AUSXIP - Australian Xena Information Page - XenaMedia: Articles
14 January 1998
Scanned/Transcribed by MaryD
THERE'S no accounting for taste. Just ask Renee O'Connor, who plays plucky sidekick Gabrielle on Xena: Warrior Princess.
"The first season, I was getting these letters from men in prison," O'Connor reports. "I'm thinking 'Hang on! It's Lucy who plays a barbarian who's exotic and sexy and dresses in leather'."
Her co-star, Lucy Lawless, is the title character on this internationally syndicated cartoonish action hour. But O'Connor, as Xena's friend and travel companion, has conquered fans of her own. And her admirers include prisoners less enamored of a lusty Amazon than O'Connor's cheery image.
The fact that O'Connor is admired by anyone still catches her off-guard, she confesses. For instance, when she appeared at her first Xena fans' convention, she faced an adoring crowd of 1500. "They knew the show inside and out. It's still too profound for me to absorb right now, because I'm in it," O'Connor says of the phenomenon. "Maybe later on, I'll be shocked."
Well, anyone might be startled at the following Xena has won since its launch three seasons ago. A huge ratings success, this spin-off of Hercules: The Legendary Journeys, is a fancifully feminist romp enlivened by derring-do, special effects and, with frequency, a sly wink.
Apart from the TV series, there is a movie, a cartoon, action figures, trading cards, magazines, CD, clothes and a Xena ride at Universal Studios. In countless fan mags, clubs and the Internet, every aspect of the "Xenaverse" is discussed.
In between righting wrongs, Xena never hesitates to laugh at itself. Where else could you hear in the space of one hour "Round up those virgins!" and "We've got to talk"; "I dropped my prayer scroll" and "You wuss!" It touches all bases.
Indeed, this is a series that, along with its idiot-proof themes of good and evil, carries a whiff of cheeky ambiguity for those inclined to give the question a moment's thought: exactly what is the nature of this friendship?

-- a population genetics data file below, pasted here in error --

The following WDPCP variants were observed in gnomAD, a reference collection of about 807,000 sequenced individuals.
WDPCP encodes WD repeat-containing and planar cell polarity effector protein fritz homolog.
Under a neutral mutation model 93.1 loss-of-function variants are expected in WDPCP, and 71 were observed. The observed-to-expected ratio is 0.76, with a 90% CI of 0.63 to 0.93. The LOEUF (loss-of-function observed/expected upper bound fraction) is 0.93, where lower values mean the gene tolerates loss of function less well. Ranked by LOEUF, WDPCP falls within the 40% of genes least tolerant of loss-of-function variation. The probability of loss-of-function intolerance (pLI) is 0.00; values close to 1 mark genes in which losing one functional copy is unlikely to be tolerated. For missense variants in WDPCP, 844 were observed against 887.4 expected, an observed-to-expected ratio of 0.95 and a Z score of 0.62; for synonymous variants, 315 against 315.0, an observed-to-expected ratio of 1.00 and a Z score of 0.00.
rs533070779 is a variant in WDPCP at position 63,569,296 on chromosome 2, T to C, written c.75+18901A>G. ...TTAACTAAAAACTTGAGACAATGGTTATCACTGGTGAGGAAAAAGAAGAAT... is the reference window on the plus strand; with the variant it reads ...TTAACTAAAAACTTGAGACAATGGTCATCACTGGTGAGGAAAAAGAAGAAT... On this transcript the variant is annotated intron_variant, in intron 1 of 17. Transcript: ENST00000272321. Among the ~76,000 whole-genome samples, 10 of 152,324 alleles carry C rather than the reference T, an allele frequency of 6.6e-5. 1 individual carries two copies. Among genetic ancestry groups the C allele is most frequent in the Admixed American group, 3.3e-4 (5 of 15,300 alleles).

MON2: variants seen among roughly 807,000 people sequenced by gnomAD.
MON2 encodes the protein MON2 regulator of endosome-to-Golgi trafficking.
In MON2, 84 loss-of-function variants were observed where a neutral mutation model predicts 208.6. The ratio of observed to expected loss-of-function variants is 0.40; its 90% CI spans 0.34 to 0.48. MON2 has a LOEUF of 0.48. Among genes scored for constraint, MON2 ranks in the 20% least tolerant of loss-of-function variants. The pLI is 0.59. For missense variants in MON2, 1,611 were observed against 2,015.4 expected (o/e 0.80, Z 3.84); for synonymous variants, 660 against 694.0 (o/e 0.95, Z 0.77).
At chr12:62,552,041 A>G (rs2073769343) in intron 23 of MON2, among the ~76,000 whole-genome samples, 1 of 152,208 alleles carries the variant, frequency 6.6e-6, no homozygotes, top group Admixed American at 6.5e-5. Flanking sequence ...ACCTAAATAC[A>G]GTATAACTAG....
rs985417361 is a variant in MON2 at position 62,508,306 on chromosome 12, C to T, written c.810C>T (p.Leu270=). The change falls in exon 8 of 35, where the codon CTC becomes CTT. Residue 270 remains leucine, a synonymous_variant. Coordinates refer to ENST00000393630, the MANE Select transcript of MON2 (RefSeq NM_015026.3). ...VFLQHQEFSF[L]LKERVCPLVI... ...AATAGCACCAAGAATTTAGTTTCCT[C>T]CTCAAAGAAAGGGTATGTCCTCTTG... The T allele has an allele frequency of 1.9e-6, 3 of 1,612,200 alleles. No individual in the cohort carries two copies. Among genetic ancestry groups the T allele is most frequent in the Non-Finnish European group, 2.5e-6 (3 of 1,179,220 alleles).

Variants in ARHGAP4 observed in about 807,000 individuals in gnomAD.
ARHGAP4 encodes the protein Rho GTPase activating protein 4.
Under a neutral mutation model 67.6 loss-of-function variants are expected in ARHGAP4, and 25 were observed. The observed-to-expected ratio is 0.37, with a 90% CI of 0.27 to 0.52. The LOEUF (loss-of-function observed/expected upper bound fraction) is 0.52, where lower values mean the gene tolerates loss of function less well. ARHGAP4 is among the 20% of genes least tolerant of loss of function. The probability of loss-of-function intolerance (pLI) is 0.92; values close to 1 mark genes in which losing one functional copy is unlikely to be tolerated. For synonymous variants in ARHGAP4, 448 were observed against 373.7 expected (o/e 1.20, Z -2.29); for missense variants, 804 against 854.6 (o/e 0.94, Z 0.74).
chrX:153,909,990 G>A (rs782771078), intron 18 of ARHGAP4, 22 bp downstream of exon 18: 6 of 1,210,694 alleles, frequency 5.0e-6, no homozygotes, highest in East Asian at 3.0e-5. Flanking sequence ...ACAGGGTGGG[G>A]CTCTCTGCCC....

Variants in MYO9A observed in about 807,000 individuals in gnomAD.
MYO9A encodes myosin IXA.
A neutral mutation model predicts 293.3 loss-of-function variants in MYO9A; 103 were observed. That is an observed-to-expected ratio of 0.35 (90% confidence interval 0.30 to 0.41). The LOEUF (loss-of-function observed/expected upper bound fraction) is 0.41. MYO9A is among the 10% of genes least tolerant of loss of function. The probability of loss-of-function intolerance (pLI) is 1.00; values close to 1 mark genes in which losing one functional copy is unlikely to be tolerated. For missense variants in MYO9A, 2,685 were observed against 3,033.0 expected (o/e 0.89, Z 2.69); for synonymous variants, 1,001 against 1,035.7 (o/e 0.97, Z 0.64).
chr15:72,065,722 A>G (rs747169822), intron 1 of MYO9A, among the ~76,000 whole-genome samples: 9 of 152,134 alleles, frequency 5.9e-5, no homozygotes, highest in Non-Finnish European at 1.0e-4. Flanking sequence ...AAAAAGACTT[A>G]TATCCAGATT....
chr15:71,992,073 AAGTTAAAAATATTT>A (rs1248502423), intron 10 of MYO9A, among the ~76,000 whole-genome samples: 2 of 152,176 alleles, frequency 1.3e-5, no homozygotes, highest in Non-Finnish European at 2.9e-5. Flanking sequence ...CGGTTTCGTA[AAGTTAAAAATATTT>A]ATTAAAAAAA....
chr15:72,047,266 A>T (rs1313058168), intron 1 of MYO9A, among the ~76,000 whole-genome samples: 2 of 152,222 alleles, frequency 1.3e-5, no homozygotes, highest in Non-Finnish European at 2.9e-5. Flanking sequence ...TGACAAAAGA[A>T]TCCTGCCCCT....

A number of audience members love to read into Xena certain Sapphic overtones. Barbara Farrelly, editor of the US magazine Lesbians on the Loose, says Xena has been a lesbian icon for years. O'Connor says people make what they want of the relationship.
"We've had a good time with that, actually," she admits. "Not that Xena and Gabrielle are necessarily companions sexually. We just decided to add a new dimension to our relationship: before, we were like sisters. This is something a little companion, Gabrielle more flirtatious and playful."
Born in Houston, the 26-year-old O'Connor appeared in the New Zealand-shot pilot of Hercules. Then she was cast in Xena. She had four days to stash her things in Los Angeles and get bark to Aucklinid, where filming was about to begin with 29-year-old Lawless - who was born in and lives in Auckland.
Initially, Gabrielle was meant to be a sort of teenage daughter figure. "When she first started following Xena around, no one watching the show wanted this little pesky person bothering her," says O'Connor.
"But since Gabrielle started holding her own ground, people respect her more, which is great for me: I used to have to cry in every episode. Now the producers let me fight."
Gabrielle has grown up in another respect. Her earliest costume -with a skirt so long it dragged in the mud - got shorter and shorter until finally being modified to her present wraparound skirt and halter top.
"Oh, boy, is it better?" she laughs. "Before, the skirt would ride up, and that would be embarrassing." Her Gabrielle garb is a fine complement to Xena's bad-mama leather gear. But the two mythological hotties are a grand fit, too.
"We're sort of like opposites that balance each other, aren't we?" says O'Connor happily.
Xena: Warrior Princess, ADS 10, 7.30pm Saturdays.
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